Are you looking for a way to tell people to clean up their diet? If so, you could tell them, “you are what you eat.” This post unpacks the meaning and origin of this expression.
The meaning of the expression “you are what you eat” is that our lifestyle and diet choices impact our health and well-being. You are what you eat defines your health status, and if you’re feeling sick or dealing with chronic health issues, your diet is usually to blame for your current problems.
So, you are what you eat means that you only feel as good as the energy and food you put into your body. Living an unhealthy lifestyle will eventually catch up with you.
“Look at that guy there in line at the burger stand. He must weigh 500-lbs. I guess you are what you eat, and he needs medical help, not a burger.”
“He went into surgery for a triple bypass. The doctor said it was likely from poor dietary choices over his lifetime. Oh well, I guess you are what you eat.”
“That girl looks so young despite her age. She says she’s a vegan and fasts regularly. You are what you eat, and it looks like that’s working for her.”
“You are what you eat, so stop going overboard on the sugar and saturated fat. You’ll end up with heart disease and hypertension.”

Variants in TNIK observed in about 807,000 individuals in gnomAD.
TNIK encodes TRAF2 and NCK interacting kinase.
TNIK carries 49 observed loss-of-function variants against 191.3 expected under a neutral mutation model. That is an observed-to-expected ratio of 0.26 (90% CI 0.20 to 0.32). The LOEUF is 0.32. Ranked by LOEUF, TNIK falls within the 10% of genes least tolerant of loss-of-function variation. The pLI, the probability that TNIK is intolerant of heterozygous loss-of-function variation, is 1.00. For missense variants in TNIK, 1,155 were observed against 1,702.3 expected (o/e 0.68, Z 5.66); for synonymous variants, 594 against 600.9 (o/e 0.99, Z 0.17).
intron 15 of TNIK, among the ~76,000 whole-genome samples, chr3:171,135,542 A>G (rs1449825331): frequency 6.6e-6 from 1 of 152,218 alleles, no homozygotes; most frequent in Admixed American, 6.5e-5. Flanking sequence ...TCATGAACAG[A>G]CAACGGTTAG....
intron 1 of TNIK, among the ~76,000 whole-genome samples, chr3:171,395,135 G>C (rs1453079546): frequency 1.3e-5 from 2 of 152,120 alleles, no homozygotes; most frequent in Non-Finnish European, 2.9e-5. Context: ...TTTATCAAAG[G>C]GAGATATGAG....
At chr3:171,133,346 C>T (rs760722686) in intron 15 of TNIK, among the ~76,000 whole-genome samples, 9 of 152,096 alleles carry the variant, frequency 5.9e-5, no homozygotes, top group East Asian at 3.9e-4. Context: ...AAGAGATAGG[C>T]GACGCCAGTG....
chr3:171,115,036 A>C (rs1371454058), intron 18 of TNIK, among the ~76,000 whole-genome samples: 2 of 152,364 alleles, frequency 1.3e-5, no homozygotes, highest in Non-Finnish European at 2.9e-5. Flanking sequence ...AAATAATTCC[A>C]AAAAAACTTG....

“Don loves chicken; it’s his favorite fast food. That’s why he ran away from the fight the other night. You are what you eat, hey Don?”
The expression " You are what you eat" comes from French lawyer Anthelme Brillat-Savarin. He coined the term in 1826 in his writings, "Physiologie du Gout, ou Meditations de Gastronomie Transcendante," where it appears like the following.
"Dis-Moi ce que tu manges, je te dirai ce que tu es." (Translation: Tell me what you eat, and I'll tell you what you are).
However, the earliest example of the phrase in print comes from the Bridgeport Telegraph in 1923 in a beef advert for the company "United Meet Markets," where it appears as follows.
"Ninety percent of the diseases known to man are caused by cheap foodstuffs. You are what you eat."
The modern version of the saying first appeared in English in the early 1930s. American nutritionist Victor Lindlahr believed that our food determines our health status. He was one of the first "diet gurus," creating his method known as the "Catabolic Diet" in 1942.
Phrases Similar to You Are What You Eat
- Eat well to feel well.
- Eat to live, don’t live to eat.
Phrases Opposite to You Are What You Eat
- The See-food diet.
What is the Correct Saying?
- You are what you eat.
Ways People May Say You Are What You Eat Incorrectly
The phrase “you are what you eat” doesn’t mean that you take on the physical characteristics of the things you eat. For instance, if you eat a plant-based diet, you are not going to magically transform into a vegetable. The saying means that your lifestyle choices play a role in determining your health.
Acceptable Ways to Phrase You Are What You Eat
You can use “you are what you eat” when referencing someone’s diet and how it impacts physical health and well-being.
It suits both negative and positive connotations. For instance, if someone is overweight and has poor health, an examination of their diet would likely reveal they ate poorly.
Conversely, a person in good physical and mental health would usually have a good diet. The saying is a way of expressing that the food we eat plays a huge role in our energy levels and our physical and mental health.